21. The Bushman – Steve Kekana
22. Taximan – éVoid
23. Live On – Pierre De Charmoy
24. See Yourself (Clowns) – Ella Mental
25. Mysteries & Jealousy – The Helicopters
26. Magical Touch – Petit Cheval
27. Jabulani – PJ Powers & Hotline
28. Waiting (For A Miracle) – Dog Detachment
29. Ancient Dust Of Africa – Edi Niederlander
30. Baby You Been Good – Robin Auld
31. Burnout – Sipho “Hotstix” Mabuse
32. Superstar – Stewart Irving
33. As I Went Out One Morning (Damsel) – Tribe After Tribe
34. Hey Boy – Via Afrika
35. Johnny Calls The Chemist – Falling Mirror
36. We Are Growing – Margaret Singana
37. This Boy – Sweatband
38. Weeping – Bright Blue
39. My Kind Of Girl – Cinema
40. Scatterlings Of Africa – Johnny Clegg & Savuka
41. Prisoner – Lucky Dube
42. Dance Sum More – Mango Groove
43. Paint It Black – No Friends Of Harry
44. Be Bop Pop – The Spectres
45. Dear Abbie (One Night Of Passion) – Little Sister
Inspired by the upcoming eleven CD box set “Loving The Alien [1983-1988]” (due 12th October 2018), this is a companion mix to my “Re:Call [1969 to 1982]” mix which can be heard at:https://www.mixcloud.com/briancurrin/david-bowie-recall-1969-to-1982/
1. China Girl (single edit) – David Bowie
2. Let’s Dance (single edit) – David Bowie
3. Modern Love (single edit) – David Bowie
4. White Light White Heat (live 1983) – David Bowie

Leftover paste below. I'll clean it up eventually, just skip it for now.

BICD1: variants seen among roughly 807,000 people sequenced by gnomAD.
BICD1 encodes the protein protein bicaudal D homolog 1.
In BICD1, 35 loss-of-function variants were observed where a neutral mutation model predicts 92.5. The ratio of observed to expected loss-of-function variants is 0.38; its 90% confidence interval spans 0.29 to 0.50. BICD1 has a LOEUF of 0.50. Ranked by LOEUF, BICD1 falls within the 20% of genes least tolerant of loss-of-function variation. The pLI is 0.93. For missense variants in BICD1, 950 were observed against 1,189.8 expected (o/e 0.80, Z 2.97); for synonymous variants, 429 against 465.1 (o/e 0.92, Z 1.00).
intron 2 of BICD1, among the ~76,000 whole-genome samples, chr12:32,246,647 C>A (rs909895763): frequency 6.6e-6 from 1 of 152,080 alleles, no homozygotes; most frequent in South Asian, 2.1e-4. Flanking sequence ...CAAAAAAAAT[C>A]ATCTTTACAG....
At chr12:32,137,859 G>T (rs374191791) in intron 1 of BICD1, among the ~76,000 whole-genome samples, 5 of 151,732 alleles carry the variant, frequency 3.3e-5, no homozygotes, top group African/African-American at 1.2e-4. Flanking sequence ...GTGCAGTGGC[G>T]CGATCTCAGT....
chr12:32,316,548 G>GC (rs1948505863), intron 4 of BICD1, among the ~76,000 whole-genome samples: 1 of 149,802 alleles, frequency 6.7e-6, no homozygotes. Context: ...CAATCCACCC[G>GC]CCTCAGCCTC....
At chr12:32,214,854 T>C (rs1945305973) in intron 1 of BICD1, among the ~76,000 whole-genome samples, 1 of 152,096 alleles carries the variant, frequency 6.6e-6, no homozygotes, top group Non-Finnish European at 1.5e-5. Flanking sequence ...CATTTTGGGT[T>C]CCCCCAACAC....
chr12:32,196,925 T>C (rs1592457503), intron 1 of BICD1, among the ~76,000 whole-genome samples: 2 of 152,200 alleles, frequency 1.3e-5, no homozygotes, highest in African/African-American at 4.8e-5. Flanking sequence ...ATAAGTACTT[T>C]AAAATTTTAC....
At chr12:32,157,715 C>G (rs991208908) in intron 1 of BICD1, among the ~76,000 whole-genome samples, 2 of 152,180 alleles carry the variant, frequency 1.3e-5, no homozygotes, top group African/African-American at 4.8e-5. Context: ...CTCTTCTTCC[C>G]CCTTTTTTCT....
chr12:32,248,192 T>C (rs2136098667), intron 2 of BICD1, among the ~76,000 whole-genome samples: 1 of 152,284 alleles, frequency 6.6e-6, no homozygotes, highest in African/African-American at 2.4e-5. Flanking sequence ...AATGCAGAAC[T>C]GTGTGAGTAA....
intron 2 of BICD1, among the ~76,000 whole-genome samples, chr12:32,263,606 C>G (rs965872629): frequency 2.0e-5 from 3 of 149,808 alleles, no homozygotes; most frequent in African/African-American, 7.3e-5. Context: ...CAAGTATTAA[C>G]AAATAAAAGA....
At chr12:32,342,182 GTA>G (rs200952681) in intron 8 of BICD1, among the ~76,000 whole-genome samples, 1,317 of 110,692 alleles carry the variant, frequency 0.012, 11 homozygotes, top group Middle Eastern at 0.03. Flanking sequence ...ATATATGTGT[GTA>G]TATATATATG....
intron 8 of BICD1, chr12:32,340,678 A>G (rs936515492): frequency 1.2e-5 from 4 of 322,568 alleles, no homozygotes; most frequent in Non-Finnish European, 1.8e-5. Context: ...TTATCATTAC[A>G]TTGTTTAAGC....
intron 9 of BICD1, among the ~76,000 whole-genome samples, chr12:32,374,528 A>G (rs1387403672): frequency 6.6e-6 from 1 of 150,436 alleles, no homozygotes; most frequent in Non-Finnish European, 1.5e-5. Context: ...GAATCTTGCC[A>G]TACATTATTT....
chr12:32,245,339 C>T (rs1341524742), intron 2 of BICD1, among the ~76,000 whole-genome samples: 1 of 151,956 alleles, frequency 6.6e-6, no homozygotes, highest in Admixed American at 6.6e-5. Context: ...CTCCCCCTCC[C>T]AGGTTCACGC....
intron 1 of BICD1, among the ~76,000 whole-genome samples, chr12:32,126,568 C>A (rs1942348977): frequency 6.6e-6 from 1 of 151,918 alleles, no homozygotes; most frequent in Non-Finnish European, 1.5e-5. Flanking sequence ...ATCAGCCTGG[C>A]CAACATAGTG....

5. Imagine (live 1983) – David Bowie
6. Loving The Alien (Original Club mix 2002) – The Scumfrog vs David Bowie
7. Dancing In The Street (Steve Thompson & Michael Barbiero mix) – David Bowie & Mick Jagger
8. This Is Not America (from The Falcon And The Snowman) – David Bowie & The Pat Metheny Group
9. Let’s Dance (live 1985) – David Bowie & Tina Turner
10. Absolute Beginners (single edit) – David Bowie
11. That’s Motivation (from Absolute Beginners) – David Bowie
12. Underground (extended dance mix) – David Bowie
13. Magic Dance (Danny’s Magic Party remix 2003) – David Bowie
14. When The Wind Blows (from When The Wind Blows) – David Bowie
15. Day-In Day-Out (single edit) – David Bowie
16. Too Dizzy – David Bowie
17. Julie – David Bowie
18. Girls (extended version) – David Bowie
19. Time Will Crawl (Mario McNulty remix 2008) – David Bowie
20. Young Americans (live 1987) – David Bowie
21. Look Back In Anger (1988 version) – David Bowie
22. Prisoner Of Love (single edit) – Tin Machine
23. Maggie’s Farm (live 1989) – Tin Machine
24. Shakin’ All Over (live 1989) – Tin Machine
25. Crack City (live 1989) – Tin Machine
26. Needles On The Beach – Tin Machine